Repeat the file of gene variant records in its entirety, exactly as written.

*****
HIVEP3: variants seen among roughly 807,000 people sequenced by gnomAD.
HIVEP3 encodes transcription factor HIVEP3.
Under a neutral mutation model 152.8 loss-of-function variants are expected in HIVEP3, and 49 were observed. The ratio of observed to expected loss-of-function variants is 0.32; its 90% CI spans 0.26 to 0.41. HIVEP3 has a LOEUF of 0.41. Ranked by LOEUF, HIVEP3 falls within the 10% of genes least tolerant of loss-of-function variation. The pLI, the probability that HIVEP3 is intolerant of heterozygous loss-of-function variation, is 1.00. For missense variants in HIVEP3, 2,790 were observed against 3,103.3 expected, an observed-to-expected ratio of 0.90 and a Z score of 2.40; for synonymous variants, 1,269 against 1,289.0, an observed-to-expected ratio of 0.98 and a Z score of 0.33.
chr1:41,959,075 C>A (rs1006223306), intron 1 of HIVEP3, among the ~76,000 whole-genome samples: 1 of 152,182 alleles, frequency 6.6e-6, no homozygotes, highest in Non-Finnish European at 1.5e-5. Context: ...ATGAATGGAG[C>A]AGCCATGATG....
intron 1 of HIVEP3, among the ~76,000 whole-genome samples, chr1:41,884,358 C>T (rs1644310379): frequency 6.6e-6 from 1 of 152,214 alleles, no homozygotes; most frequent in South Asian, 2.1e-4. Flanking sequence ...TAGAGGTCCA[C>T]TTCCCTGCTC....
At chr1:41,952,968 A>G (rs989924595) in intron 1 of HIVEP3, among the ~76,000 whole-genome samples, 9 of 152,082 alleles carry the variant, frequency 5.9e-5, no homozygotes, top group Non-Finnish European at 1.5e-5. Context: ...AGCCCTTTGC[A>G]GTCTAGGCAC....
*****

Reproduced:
HIVEP3: variants seen among roughly 807,000 people sequenced by gnomAD.
HIVEP3 encodes transcription factor HIVEP3.
Under a neutral mutation model 152.8 loss-of-function variants are expected in HIVEP3, and 49 were observed. The ratio of observed to expected loss-of-function variants is 0.32; its 90% CI spans 0.26 to 0.41. HIVEP3 has a LOEUF of 0.41. Ranked by LOEUF, HIVEP3 falls within the 10% of genes least tolerant of loss-of-function variation. The pLI, the probability that HIVEP3 is intolerant of heterozygous loss-of-function variation, is 1.00. For missense variants in HIVEP3, 2,790 were observed against 3,103.3 expected, an observed-to-expected ratio of 0.90 and a Z score of 2.40; for synonymous variants, 1,269 against 1,289.0, an observed-to-expected ratio of 0.98 and a Z score of 0.33.
chr1:41,959,075 C>A (rs1006223306), intron 1 of HIVEP3, among the ~76,000 whole-genome samples: 1 of 152,182 alleles, frequency 6.6e-6, no homozygotes, highest in Non-Finnish European at 1.5e-5. Context: ...ATGAATGGAG[C>A]AGCCATGATG....
intron 1 of HIVEP3, among the ~76,000 whole-genome samples, chr1:41,884,358 C>T (rs1644310379): frequency 6.6e-6 from 1 of 152,214 alleles, no homozygotes; most frequent in South Asian, 2.1e-4. Flanking sequence ...TAGAGGTCCA[C>T]TTCCCTGCTC....
At chr1:41,952,968 A>G (rs989924595) in intron 1 of HIVEP3, among the ~76,000 whole-genome samples, 9 of 152,082 alleles carry the variant, frequency 5.9e-5, no homozygotes, top group Non-Finnish European at 1.5e-5. Context: ...AGCCCTTTGC[A>G]GTCTAGGCAC....